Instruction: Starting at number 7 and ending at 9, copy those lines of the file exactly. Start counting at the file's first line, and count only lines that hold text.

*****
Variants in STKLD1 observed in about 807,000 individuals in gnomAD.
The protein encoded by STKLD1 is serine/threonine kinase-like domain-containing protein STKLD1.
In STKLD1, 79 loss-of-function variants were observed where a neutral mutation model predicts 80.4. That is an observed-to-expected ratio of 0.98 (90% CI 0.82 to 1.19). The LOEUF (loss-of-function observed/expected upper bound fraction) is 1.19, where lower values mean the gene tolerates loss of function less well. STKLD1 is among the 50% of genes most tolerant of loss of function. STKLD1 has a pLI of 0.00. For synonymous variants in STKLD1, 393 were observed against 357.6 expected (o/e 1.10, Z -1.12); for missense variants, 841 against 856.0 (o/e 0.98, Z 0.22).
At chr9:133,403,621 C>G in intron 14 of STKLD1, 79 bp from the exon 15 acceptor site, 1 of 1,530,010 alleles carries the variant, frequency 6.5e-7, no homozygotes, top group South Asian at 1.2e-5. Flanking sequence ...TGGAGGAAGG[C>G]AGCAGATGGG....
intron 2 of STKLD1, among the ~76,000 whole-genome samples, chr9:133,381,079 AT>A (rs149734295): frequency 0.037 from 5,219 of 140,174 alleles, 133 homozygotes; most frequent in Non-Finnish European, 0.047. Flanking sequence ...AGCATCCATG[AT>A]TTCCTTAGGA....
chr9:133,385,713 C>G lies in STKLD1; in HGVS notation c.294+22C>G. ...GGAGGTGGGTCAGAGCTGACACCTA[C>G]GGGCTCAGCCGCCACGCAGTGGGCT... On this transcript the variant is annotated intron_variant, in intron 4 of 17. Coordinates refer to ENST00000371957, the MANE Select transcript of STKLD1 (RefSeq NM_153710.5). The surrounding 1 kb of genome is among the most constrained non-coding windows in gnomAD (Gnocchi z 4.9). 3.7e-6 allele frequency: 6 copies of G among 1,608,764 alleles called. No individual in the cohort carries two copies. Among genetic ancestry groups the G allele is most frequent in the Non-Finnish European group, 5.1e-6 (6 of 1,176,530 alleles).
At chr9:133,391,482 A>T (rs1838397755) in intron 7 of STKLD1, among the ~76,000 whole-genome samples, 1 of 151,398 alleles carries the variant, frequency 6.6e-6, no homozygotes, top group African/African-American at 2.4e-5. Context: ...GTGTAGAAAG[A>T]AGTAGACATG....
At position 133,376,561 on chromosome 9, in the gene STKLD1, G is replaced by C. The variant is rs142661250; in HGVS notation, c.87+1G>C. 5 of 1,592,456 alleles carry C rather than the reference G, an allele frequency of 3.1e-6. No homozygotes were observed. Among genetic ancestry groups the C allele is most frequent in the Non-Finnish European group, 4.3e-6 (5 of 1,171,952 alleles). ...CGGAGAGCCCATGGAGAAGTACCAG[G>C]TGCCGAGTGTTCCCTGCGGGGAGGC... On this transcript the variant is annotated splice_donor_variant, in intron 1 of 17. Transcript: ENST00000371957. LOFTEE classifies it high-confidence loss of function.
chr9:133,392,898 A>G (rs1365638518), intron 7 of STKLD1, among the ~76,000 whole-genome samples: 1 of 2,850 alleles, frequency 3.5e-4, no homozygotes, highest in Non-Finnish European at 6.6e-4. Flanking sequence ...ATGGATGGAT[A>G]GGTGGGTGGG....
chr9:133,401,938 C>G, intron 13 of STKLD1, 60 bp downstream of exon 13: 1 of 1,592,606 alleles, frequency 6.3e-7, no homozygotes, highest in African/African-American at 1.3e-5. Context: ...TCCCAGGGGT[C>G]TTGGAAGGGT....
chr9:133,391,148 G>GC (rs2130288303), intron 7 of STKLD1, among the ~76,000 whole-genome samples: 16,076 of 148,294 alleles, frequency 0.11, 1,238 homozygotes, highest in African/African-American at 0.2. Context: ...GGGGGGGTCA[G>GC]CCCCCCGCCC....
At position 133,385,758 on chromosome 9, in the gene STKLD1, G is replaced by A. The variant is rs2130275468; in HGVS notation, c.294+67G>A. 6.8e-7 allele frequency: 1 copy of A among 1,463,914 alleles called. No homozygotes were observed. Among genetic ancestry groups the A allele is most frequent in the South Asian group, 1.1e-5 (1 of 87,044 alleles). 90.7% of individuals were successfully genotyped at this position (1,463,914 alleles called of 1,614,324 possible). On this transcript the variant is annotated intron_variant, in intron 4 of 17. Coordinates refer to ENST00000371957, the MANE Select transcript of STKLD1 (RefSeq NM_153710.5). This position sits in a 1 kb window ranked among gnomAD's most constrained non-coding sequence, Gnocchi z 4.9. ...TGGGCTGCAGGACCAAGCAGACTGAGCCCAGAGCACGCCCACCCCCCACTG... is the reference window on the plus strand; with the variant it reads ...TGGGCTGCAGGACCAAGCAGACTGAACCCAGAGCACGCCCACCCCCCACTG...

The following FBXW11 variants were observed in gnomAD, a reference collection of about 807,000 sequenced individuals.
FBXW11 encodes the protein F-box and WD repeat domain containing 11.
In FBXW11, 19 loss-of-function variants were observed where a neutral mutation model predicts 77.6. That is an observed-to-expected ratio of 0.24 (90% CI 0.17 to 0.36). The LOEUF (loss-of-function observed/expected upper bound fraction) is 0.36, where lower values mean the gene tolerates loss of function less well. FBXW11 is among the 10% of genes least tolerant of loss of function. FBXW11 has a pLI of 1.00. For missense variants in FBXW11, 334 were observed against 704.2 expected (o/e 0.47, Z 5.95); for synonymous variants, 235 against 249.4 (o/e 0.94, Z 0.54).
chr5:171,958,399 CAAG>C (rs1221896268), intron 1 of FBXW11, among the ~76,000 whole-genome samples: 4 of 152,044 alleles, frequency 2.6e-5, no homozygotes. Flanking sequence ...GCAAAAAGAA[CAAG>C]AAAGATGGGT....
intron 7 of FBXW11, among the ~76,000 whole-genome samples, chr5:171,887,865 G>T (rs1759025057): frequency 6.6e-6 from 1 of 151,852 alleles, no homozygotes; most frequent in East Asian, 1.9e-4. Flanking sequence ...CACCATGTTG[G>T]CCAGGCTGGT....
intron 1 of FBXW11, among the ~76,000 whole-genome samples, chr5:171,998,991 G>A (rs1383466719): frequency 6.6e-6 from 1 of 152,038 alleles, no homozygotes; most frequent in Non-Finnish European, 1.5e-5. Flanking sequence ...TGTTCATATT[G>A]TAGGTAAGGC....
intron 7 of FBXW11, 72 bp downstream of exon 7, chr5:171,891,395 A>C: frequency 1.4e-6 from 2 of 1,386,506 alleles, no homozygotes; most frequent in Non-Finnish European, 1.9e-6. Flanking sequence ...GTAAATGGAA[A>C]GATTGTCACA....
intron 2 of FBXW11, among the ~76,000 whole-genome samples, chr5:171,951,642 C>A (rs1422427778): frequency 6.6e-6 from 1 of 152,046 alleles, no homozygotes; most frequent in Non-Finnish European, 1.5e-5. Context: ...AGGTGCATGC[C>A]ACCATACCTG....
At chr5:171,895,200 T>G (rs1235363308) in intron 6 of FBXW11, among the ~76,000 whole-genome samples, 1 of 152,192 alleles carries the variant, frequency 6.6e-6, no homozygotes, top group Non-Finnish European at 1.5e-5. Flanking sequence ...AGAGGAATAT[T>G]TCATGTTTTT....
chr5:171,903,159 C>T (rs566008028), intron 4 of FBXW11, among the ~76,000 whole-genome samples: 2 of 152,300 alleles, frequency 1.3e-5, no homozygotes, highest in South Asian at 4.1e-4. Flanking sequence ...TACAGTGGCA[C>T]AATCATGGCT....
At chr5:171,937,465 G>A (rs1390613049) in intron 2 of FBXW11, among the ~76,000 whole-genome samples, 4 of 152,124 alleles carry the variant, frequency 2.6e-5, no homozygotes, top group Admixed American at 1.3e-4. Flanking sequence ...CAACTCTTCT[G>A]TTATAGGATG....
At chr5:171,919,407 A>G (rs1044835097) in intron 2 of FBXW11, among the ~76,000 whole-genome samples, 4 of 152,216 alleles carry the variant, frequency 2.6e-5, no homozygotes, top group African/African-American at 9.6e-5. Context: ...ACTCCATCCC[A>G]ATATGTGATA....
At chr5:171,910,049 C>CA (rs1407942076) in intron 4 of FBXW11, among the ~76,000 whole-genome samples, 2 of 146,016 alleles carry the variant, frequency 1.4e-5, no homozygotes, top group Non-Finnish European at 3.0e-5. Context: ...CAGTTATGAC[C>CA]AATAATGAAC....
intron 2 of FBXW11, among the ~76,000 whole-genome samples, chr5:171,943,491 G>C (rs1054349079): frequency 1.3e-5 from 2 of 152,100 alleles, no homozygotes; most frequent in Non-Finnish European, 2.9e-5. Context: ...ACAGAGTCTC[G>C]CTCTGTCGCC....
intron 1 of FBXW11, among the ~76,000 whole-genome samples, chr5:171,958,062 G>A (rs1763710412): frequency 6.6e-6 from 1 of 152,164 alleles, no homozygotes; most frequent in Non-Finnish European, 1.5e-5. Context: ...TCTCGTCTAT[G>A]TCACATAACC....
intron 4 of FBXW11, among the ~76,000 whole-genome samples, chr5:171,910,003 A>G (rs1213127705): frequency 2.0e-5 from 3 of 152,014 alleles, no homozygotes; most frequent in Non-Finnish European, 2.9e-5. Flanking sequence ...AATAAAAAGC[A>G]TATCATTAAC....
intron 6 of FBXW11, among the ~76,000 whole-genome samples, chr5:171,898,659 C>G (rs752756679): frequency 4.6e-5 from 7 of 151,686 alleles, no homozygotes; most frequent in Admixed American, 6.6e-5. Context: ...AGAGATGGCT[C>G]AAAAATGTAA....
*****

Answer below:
At chr9:133,391,482 A>T (rs1838397755) in intron 7 of STKLD1, among the ~76,000 whole-genome samples, 1 of 151,398 alleles carries the variant, frequency 6.6e-6, no homozygotes, top group African/African-American at 2.4e-5. Context: ...GTGTAGAAAG[A>T]AGTAGACATG....
At position 133,376,561 on chromosome 9, in the gene STKLD1, G is replaced by C. The variant is rs142661250; in HGVS notation, c.87+1G>C. 5 of 1,592,456 alleles carry C rather than the reference G, an allele frequency of 3.1e-6. No homozygotes were observed. Among genetic ancestry groups the C allele is most frequent in the Non-Finnish European group, 4.3e-6 (5 of 1,171,952 alleles). ...CGGAGAGCCCATGGAGAAGTACCAG[G>C]TGCCGAGTGTTCCCTGCGGGGAGGC... On this transcript the variant is annotated splice_donor_variant, in intron 1 of 17. Transcript: ENST00000371957. LOFTEE classifies it high-confidence loss of function.
chr9:133,392,898 A>G (rs1365638518), intron 7 of STKLD1, among the ~76,000 whole-genome samples: 1 of 2,850 alleles, frequency 3.5e-4, no homozygotes, highest in Non-Finnish European at 6.6e-4. Flanking sequence ...ATGGATGGAT[A>G]GGTGGGTGGG....